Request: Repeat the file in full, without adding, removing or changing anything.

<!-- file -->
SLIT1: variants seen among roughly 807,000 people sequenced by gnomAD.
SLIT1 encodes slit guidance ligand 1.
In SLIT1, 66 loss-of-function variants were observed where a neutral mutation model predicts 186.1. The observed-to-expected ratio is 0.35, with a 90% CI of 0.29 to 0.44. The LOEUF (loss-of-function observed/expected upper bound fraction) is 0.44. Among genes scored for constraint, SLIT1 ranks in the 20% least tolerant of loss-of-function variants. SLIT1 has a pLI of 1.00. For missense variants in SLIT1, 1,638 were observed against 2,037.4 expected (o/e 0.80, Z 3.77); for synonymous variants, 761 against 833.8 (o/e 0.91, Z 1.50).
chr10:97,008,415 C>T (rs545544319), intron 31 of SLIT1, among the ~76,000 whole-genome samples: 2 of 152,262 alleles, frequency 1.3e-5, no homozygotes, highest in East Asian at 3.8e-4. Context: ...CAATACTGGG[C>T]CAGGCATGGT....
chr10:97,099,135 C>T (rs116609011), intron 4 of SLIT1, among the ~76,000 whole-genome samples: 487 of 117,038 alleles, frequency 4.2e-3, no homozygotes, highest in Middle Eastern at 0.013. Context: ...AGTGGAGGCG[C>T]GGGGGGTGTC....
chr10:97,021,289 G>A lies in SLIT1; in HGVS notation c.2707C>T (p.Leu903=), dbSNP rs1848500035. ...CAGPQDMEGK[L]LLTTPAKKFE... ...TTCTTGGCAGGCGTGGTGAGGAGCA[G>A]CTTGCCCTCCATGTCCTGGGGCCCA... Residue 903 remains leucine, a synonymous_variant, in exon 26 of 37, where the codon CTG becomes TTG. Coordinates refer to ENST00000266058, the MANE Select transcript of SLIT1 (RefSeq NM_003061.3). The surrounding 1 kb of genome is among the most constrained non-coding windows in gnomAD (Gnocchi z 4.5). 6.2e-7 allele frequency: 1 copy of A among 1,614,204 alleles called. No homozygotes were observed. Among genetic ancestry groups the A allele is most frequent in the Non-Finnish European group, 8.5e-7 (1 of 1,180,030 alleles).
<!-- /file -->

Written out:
SLIT1: variants seen among roughly 807,000 people sequenced by gnomAD.
SLIT1 encodes slit guidance ligand 1.
In SLIT1, 66 loss-of-function variants were observed where a neutral mutation model predicts 186.1. The observed-to-expected ratio is 0.35, with a 90% CI of 0.29 to 0.44. The LOEUF (loss-of-function observed/expected upper bound fraction) is 0.44. Among genes scored for constraint, SLIT1 ranks in the 20% least tolerant of loss-of-function variants. SLIT1 has a pLI of 1.00. For missense variants in SLIT1, 1,638 were observed against 2,037.4 expected (o/e 0.80, Z 3.77); for synonymous variants, 761 against 833.8 (o/e 0.91, Z 1.50).
chr10:97,008,415 C>T (rs545544319), intron 31 of SLIT1, among the ~76,000 whole-genome samples: 2 of 152,262 alleles, frequency 1.3e-5, no homozygotes, highest in East Asian at 3.8e-4. Context: ...CAATACTGGG[C>T]CAGGCATGGT....
chr10:97,099,135 C>T (rs116609011), intron 4 of SLIT1, among the ~76,000 whole-genome samples: 487 of 117,038 alleles, frequency 4.2e-3, no homozygotes, highest in Middle Eastern at 0.013. Context: ...AGTGGAGGCG[C>T]GGGGGGTGTC....
chr10:97,021,289 G>A lies in SLIT1; in HGVS notation c.2707C>T (p.Leu903=), dbSNP rs1848500035. ...CAGPQDMEGK[L]LLTTPAKKFE... ...TTCTTGGCAGGCGTGGTGAGGAGCA[G>A]CTTGCCCTCCATGTCCTGGGGCCCA... Residue 903 remains leucine, a synonymous_variant, in exon 26 of 37, where the codon CTG becomes TTG. Coordinates refer to ENST00000266058, the MANE Select transcript of SLIT1 (RefSeq NM_003061.3). The surrounding 1 kb of genome is among the most constrained non-coding windows in gnomAD (Gnocchi z 4.5). 6.2e-7 allele frequency: 1 copy of A among 1,614,204 alleles called. No homozygotes were observed. Among genetic ancestry groups the A allele is most frequent in the Non-Finnish European group, 8.5e-7 (1 of 1,180,030 alleles).